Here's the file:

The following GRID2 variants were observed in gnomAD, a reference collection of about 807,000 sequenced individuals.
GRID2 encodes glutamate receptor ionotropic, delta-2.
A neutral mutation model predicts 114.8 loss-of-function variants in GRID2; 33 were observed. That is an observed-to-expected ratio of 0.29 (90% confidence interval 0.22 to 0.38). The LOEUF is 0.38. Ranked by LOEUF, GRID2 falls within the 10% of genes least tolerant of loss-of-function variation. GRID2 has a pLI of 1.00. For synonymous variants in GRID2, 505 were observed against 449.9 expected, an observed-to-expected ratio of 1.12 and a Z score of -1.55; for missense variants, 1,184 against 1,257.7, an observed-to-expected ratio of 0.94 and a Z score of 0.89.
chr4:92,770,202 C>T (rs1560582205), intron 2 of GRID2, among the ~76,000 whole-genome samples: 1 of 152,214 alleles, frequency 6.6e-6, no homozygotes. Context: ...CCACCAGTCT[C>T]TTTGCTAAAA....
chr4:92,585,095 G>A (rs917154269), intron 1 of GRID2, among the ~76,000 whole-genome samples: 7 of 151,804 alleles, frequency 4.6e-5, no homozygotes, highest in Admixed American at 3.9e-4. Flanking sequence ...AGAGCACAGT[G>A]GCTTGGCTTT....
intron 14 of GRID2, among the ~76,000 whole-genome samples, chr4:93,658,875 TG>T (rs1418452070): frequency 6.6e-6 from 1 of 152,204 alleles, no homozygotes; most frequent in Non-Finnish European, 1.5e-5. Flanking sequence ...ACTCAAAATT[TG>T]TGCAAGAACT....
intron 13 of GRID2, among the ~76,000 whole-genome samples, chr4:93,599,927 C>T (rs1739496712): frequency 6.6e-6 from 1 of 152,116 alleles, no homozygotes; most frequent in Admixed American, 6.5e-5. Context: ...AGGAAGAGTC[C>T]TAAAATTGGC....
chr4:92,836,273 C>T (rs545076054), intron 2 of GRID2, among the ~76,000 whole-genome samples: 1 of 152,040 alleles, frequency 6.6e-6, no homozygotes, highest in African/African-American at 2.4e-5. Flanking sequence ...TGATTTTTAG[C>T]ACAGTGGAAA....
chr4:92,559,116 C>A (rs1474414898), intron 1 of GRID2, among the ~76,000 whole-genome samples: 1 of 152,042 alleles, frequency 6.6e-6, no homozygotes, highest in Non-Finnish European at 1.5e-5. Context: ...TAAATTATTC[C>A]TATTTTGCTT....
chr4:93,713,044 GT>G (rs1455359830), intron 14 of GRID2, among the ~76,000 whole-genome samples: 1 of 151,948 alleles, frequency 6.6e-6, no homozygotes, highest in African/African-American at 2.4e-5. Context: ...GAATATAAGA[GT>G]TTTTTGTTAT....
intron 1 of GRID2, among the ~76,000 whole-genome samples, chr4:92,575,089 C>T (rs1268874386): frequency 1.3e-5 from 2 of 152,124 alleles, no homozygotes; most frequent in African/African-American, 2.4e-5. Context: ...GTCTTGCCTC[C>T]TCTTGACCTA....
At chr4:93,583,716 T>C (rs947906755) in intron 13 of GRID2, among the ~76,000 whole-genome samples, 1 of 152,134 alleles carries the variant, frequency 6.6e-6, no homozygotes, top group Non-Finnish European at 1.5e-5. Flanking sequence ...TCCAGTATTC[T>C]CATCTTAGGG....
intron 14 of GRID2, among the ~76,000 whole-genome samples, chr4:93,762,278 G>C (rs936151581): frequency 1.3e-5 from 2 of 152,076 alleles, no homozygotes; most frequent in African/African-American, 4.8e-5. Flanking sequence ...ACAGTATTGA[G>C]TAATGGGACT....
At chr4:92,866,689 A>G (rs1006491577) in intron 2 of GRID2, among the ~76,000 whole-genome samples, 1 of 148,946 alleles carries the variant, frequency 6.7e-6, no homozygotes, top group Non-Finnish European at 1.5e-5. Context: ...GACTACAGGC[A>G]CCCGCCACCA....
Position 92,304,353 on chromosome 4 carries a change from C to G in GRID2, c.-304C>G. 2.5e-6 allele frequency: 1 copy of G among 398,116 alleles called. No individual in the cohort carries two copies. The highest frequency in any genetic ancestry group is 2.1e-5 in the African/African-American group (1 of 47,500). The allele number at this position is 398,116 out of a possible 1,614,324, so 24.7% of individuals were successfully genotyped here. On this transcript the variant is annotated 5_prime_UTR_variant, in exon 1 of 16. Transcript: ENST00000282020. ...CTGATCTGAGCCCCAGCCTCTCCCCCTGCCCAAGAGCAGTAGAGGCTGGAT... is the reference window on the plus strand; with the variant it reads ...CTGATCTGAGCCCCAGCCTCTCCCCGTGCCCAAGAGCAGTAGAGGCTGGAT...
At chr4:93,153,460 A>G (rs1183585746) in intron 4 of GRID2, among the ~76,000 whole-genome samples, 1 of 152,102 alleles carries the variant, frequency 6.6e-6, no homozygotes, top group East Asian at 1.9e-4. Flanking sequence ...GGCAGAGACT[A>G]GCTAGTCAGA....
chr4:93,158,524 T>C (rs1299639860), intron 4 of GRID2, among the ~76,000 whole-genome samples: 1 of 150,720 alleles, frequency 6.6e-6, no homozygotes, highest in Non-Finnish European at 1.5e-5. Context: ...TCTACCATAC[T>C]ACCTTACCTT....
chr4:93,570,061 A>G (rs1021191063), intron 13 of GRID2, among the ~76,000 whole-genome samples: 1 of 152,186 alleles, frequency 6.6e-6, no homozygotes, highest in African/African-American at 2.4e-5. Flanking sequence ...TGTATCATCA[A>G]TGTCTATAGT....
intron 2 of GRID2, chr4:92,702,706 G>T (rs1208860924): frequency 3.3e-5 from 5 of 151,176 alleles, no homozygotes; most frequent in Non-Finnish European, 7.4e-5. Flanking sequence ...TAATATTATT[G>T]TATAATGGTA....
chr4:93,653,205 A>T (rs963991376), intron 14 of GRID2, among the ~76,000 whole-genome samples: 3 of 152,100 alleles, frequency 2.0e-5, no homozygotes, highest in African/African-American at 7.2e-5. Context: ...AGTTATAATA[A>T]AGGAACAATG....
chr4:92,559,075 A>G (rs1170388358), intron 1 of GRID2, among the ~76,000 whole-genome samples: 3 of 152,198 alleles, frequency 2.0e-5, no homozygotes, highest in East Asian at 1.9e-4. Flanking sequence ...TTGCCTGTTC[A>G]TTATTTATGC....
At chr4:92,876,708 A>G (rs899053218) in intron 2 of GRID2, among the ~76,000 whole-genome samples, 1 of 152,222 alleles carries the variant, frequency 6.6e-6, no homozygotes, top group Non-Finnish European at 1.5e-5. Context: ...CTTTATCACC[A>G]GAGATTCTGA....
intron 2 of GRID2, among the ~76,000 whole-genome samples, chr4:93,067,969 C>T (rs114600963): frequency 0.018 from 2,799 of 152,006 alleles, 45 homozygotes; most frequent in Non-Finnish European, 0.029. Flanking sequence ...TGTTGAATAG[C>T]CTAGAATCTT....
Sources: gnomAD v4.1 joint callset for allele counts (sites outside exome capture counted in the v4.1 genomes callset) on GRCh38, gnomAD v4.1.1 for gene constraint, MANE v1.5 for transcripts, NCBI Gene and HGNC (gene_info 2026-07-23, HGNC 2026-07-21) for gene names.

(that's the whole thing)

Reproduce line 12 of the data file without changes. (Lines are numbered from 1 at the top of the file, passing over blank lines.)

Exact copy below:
At chr4:93,583,716 T>C (rs947906755) in intron 13 of GRID2, among the ~76,000 whole-genome samples, 1 of 152,134 alleles carries the variant, frequency 6.6e-6, no homozygotes, top group Non-Finnish European at 1.5e-5. Flanking sequence ...TCCAGTATTC[T>C]CATCTTAGGG....